News / Europe

Top Russian Opposition Leader Appeals Conviction Ahead of Vote

Russian protest leader Alexei Navalny (2nd R) and his co-defendant Pyotr Ofitserov (2nd L), stand near their wives, surrounded by supporters and journalists, after arriving from Kirov at a railway station in Moscow, July 20, 2013.
Russian protest leader Alexei Navalny (2nd R) and his co-defendant Pyotr Ofitserov (2nd L), stand near their wives, surrounded by supporters and journalists, after arriving from Kirov at a railway station in Moscow, July 20, 2013.
Reuters
Russia's most prominent opposition leader and anti-graft blogger, Alexei Navalny, on Friday filed an appeal against his conviction and sentencing to five years in prison for embezzling funds from a state timber company.
 
Navalny, a stringent critic of President Vladimir Putin, denies any wrongdoing and says his conviction in the remote Russian city of Kirov is a Kremlin-driven attempt to stop his opposition activism and part of a wider crackdown on dissent.
 
“We have sent the appeal,” Navalny wrote on his twitter account and posted a receipt from the Russian post charging less than $3 to deliver the papers to the Kirov regional court, which has 30 days for a ruling from the moment it receives the papers.
 
Following his sentencing on July 18, Navalny was immediately taken under guard in the court room in a show of force but then unexpectedly released from arrest the next day pending appeal.
 
The appeal also covers a second convict in the case, Pyotr Ofitserov, who was sentenced to four years in prison as Navalny's accomplice in working out a scheme to steal some $500,000 from a state timber company.
 
Since his temporary release, Navalny, the face of the largest wave of street protests against Putin's 13-year rule that swept through Moscow and other big cities in Russia in 2011-2012, has been campaigning for Moscow mayor ahead of the Sept. 8 elections.
 
Opinion polls show him trailing far behind the favorite in the race, Sergei Sobyanin, a close Putin ally who is seeking a fresh term in the influential job.
 
Allies of the 37-year-old Navalny believe Sobyanin might have played a role in the unexpected release of their candidate to give credibility to the election.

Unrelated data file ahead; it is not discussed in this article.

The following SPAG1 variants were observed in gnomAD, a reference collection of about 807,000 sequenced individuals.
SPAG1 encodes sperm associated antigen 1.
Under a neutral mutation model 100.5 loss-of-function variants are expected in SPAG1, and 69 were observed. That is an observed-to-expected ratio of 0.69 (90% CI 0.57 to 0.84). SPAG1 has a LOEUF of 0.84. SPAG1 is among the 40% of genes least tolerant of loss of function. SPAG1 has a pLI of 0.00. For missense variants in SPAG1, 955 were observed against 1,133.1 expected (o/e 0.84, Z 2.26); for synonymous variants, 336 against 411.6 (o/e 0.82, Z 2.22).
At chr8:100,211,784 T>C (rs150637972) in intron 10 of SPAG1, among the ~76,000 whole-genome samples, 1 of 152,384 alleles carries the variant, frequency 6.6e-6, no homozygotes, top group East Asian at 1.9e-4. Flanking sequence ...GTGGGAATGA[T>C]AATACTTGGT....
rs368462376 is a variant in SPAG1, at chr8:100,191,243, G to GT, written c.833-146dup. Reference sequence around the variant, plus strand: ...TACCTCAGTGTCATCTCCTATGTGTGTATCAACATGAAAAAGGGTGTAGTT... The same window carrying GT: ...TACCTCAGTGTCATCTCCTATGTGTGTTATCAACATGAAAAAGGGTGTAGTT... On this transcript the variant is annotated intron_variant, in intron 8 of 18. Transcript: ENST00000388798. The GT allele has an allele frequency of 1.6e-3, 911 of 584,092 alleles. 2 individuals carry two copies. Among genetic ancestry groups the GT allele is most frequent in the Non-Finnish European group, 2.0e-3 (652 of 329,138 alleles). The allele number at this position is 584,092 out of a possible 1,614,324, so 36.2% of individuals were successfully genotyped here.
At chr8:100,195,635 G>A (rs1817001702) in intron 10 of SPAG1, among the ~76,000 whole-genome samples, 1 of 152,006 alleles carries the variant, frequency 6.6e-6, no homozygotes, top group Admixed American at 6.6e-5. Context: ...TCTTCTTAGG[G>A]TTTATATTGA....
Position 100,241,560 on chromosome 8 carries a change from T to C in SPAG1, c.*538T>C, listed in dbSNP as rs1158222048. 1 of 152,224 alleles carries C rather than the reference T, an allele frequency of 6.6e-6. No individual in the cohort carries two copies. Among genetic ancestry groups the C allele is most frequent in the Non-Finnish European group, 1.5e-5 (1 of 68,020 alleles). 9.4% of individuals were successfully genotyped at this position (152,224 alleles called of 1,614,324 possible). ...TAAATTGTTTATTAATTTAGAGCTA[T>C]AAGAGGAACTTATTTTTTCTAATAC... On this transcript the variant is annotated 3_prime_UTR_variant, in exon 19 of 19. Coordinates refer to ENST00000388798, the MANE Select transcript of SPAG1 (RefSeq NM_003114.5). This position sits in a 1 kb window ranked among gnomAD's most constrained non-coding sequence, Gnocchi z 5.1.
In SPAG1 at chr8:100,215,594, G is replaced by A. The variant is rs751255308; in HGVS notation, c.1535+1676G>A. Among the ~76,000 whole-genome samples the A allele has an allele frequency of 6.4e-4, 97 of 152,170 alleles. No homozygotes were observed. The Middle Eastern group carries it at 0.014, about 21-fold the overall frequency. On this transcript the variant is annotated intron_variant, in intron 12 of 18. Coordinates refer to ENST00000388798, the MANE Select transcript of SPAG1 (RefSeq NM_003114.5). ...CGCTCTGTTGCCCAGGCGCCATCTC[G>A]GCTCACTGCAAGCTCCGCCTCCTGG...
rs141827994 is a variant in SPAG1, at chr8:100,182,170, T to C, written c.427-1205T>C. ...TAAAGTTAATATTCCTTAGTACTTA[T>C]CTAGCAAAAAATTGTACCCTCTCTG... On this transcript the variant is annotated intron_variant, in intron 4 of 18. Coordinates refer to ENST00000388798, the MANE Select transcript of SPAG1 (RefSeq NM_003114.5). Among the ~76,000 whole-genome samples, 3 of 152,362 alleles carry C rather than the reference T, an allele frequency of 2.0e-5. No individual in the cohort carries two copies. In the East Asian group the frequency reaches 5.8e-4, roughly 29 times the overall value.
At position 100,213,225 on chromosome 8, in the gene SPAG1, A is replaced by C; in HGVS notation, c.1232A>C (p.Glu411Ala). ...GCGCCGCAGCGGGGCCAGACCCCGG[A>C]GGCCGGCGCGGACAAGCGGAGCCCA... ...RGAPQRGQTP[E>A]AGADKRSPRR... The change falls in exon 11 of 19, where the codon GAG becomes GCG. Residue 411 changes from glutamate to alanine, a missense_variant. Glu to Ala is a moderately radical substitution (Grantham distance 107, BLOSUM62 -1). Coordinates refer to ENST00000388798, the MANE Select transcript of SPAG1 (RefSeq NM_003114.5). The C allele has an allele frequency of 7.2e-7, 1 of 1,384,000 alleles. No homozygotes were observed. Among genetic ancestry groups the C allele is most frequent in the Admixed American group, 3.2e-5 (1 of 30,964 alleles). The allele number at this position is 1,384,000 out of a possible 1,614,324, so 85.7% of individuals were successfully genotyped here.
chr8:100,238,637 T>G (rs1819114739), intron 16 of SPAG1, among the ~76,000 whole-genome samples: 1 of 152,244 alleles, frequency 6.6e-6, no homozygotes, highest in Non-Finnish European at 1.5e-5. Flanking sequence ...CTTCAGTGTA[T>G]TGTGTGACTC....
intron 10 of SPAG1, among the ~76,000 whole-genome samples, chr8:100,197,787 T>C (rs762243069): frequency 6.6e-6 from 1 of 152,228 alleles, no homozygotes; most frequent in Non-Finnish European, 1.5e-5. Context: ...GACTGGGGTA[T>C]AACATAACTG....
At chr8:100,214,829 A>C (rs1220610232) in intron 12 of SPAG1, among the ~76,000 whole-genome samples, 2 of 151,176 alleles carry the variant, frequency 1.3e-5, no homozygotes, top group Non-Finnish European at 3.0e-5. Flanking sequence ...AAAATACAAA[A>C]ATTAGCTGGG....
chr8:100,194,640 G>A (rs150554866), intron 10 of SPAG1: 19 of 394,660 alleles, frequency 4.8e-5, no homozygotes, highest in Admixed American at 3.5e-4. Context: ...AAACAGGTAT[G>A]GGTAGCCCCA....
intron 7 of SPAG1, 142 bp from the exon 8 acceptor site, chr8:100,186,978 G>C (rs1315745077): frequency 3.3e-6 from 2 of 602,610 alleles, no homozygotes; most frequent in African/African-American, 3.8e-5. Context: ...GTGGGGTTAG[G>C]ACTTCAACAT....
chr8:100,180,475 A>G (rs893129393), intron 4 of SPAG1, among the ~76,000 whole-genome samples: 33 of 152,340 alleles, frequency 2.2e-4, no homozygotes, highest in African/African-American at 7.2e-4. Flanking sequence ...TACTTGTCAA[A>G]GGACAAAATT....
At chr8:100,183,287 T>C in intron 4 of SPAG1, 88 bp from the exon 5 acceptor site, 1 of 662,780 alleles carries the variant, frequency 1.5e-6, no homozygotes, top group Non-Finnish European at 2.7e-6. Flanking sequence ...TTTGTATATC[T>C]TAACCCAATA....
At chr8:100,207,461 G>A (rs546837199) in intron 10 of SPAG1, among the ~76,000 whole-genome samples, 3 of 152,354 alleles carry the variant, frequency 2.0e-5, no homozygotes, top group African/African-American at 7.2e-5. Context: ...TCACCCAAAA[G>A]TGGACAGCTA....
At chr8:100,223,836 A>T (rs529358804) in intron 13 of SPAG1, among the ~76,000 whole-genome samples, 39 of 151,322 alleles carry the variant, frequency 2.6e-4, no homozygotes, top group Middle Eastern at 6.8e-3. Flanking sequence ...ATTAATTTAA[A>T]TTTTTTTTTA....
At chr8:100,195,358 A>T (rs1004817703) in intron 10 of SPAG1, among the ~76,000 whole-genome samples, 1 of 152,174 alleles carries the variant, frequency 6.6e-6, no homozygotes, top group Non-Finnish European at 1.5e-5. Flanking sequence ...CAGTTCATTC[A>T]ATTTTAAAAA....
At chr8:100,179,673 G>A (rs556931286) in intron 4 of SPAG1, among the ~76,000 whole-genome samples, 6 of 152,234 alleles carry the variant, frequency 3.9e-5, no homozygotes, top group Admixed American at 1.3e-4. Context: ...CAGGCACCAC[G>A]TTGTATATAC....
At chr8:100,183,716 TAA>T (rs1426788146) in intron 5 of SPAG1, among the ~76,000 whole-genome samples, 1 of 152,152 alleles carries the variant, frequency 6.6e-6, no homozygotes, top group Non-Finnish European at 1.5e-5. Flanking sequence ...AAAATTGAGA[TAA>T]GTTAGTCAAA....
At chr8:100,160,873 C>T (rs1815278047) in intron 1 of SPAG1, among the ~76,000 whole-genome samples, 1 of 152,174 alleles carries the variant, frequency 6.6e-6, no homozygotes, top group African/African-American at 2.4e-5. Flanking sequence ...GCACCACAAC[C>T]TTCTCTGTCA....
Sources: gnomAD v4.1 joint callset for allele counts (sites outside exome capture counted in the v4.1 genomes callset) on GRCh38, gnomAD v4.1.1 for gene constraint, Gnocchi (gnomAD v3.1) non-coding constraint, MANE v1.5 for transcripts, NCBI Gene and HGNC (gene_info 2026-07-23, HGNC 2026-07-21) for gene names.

They also hope Navalny would be more likely to avoid jail if he won the race, though his appeal is mainly limited to the urban middle-class and Internet-savvy youth.
 
“This indeed is a serious concern of many of our supporters. They say they could vote for Alexei but what for if he is subsequently jailed. We tell them that if Alexei wins this election the authorities will not dare to put him behind bars,” Leonid Volkov, Navalny campaign head, said on Friday.
 
The Kremlin denies exercising influence over the Russian judiciary or using it to persecute its political opponents. It also denies clamping down on dissent since Putin, a former KGB spy, came back for a third Kremlin term in mid-2012.

You May Like

Australia Knights Prince Philip, Sparking National Outrage

Abbott's surprise reintroduction of knights and dames in the country's honors system last year drew criticism that he was out of touch with national sentiment More

SAG Award Boosts 'Birdman' Oscar Hopes

Individual acting Oscars appear to be sewn up: SAG awards went to artists who won Golden Globes: Julianne Moore, Eddie Redmayne, Patricia Arquette, J.K. Simmons More

Katy Perry Lights Way for Super Bowl's Girl Power Moment

Pop star's selection to headline US football championship's halftime show extends NFL's trend of selecting artists who appeal to younger viewers More

Featured Videos

Your JavaScript is turned off or you have an old version of Adobe's Flash Player. Get the latest Flash player.
Zoo Animals Show Their Artistic Sidesi
X
June Soh
January 23, 2015 10:03 PM
The pursuit of happiness is so important, America's founding fathers put it in the Declaration of Independence. Any zookeeper will tell you animals need enrichment, just like humans do. So painting, and even music, are part of the Smithsonian National Zoo's program to keep the animals happy. VOA’s June Soh met some animal artists at the zoo in Washington. Faith Lapidus narrates.